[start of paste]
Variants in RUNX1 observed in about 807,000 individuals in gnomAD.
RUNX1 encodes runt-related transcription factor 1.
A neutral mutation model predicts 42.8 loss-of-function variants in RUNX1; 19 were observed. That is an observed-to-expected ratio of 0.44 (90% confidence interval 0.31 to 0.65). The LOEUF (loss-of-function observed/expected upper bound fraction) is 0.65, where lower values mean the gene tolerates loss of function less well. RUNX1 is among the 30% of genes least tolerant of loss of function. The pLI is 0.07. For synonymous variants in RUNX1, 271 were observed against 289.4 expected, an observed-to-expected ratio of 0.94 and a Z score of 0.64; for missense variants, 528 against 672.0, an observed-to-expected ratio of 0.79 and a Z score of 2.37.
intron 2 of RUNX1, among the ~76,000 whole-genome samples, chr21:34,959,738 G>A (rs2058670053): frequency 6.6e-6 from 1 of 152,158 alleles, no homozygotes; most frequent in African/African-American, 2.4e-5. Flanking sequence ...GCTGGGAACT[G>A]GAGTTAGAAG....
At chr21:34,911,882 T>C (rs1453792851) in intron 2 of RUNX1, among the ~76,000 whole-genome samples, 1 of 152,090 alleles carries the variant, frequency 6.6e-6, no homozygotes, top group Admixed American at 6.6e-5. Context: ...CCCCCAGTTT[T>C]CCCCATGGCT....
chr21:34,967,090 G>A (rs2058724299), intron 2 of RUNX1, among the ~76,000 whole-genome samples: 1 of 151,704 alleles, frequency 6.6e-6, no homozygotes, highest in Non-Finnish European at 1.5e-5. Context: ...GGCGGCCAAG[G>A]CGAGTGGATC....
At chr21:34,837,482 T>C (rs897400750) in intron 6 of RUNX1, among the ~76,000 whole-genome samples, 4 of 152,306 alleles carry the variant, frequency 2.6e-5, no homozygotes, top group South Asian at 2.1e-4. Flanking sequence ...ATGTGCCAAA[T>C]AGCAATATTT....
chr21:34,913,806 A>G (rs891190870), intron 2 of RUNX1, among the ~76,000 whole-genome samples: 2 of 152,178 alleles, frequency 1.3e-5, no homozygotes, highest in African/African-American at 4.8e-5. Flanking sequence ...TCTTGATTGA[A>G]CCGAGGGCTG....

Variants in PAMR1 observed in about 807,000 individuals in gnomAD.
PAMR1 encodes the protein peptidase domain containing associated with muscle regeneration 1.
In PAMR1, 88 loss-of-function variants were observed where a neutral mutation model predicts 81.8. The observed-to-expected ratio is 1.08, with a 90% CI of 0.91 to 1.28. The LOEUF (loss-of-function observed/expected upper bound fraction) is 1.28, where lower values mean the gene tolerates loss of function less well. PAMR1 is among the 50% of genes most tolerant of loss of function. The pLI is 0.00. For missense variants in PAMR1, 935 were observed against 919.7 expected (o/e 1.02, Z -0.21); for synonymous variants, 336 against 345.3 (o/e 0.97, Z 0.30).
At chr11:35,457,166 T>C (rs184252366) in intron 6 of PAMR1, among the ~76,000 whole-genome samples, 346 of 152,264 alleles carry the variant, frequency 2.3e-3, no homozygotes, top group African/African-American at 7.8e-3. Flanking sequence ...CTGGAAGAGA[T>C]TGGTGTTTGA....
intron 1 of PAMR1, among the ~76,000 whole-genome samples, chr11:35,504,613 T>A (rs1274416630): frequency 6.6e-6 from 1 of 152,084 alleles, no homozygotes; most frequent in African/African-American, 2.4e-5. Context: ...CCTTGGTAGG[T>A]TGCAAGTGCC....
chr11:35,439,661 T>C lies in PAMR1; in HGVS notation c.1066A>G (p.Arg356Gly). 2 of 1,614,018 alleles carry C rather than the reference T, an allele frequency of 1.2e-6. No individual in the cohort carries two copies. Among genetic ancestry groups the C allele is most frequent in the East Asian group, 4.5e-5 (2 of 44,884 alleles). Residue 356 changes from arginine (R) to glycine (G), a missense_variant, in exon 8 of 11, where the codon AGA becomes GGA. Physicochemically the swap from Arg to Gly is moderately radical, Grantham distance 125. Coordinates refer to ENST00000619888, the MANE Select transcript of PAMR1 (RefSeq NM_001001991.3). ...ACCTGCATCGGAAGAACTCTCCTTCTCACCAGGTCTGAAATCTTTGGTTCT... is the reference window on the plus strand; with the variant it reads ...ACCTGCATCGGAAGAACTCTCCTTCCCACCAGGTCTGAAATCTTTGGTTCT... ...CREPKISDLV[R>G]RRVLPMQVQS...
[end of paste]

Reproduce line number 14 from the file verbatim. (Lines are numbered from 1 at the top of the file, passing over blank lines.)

chr11:35,439,661 T>C lies in PAMR1; in HGVS notation c.1066A>G (p.Arg356Gly). 2 of 1,614,018 alleles carry C rather than the reference T, an allele frequency of 1.2e-6. No individual in the cohort carries two copies. Among genetic ancestry groups the C allele is most frequent in the East Asian group, 4.5e-5 (2 of 44,884 alleles). Residue 356 changes from arginine (R) to glycine (G), a missense_variant, in exon 8 of 11, where the codon AGA becomes GGA. Physicochemically the swap from Arg to Gly is moderately radical, Grantham distance 125. Coordinates refer to ENST00000619888, the MANE Select transcript of PAMR1 (RefSeq NM_001001991.3). ...ACCTGCATCGGAAGAACTCTCCTTCTCACCAGGTCTGAAATCTTTGGTTCT... is the reference window on the plus strand; with the variant it reads ...ACCTGCATCGGAAGAACTCTCCTTCCCACCAGGTCTGAAATCTTTGGTTCT... ...CREPKISDLV[R>G]RRVLPMQVQS...